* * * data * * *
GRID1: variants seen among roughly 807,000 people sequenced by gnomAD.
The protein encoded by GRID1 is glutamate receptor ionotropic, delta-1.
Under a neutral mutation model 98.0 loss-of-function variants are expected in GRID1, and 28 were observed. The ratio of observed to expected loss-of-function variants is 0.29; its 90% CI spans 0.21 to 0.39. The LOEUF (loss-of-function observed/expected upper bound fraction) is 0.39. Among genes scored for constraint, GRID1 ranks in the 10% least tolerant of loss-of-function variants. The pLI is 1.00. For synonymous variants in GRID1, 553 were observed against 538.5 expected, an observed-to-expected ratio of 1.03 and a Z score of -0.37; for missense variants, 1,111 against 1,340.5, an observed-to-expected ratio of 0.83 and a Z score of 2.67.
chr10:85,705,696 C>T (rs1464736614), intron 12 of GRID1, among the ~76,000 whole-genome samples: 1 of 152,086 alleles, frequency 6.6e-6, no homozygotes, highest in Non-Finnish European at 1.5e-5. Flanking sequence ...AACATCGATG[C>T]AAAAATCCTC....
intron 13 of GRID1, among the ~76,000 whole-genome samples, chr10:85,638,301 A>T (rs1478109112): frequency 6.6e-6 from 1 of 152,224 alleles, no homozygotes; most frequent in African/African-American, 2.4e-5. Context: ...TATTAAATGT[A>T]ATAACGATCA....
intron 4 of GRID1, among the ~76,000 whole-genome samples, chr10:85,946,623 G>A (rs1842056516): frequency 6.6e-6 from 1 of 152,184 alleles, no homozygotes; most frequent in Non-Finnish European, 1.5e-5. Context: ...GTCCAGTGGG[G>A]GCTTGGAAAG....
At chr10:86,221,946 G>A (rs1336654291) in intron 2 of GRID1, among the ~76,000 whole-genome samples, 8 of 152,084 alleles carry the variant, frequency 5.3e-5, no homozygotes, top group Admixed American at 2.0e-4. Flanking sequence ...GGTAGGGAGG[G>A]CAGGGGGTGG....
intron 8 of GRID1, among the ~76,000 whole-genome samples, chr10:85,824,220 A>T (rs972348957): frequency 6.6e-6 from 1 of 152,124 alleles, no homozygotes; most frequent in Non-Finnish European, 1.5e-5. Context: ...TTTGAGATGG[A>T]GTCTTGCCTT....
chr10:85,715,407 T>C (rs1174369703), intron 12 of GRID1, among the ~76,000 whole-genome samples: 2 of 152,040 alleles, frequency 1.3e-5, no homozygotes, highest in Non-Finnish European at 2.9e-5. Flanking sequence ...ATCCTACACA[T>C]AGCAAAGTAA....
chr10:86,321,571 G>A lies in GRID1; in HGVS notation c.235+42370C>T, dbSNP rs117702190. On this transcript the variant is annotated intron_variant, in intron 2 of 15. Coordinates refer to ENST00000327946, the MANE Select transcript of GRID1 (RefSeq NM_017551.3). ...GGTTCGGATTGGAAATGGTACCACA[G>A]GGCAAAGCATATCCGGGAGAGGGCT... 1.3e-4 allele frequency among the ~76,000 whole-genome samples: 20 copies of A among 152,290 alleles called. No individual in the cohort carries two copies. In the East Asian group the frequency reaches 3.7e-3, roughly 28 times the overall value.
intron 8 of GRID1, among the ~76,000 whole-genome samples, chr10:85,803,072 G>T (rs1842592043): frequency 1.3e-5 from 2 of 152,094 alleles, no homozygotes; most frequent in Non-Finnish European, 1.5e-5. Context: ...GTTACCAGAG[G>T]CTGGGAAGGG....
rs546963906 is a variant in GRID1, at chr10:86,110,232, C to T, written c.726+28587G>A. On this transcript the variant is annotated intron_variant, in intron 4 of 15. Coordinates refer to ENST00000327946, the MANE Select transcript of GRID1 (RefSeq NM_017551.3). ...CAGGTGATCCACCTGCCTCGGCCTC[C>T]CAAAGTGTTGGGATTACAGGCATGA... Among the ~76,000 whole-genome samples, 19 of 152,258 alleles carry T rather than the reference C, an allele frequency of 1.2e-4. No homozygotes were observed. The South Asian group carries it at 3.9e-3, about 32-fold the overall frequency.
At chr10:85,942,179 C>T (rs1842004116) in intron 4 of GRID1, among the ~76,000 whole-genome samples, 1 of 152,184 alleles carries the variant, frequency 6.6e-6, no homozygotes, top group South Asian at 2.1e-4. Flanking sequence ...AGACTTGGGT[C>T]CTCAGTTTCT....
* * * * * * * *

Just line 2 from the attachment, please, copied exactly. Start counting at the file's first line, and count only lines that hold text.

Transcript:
The protein encoded by GRID1 is glutamate receptor ionotropic, delta-1.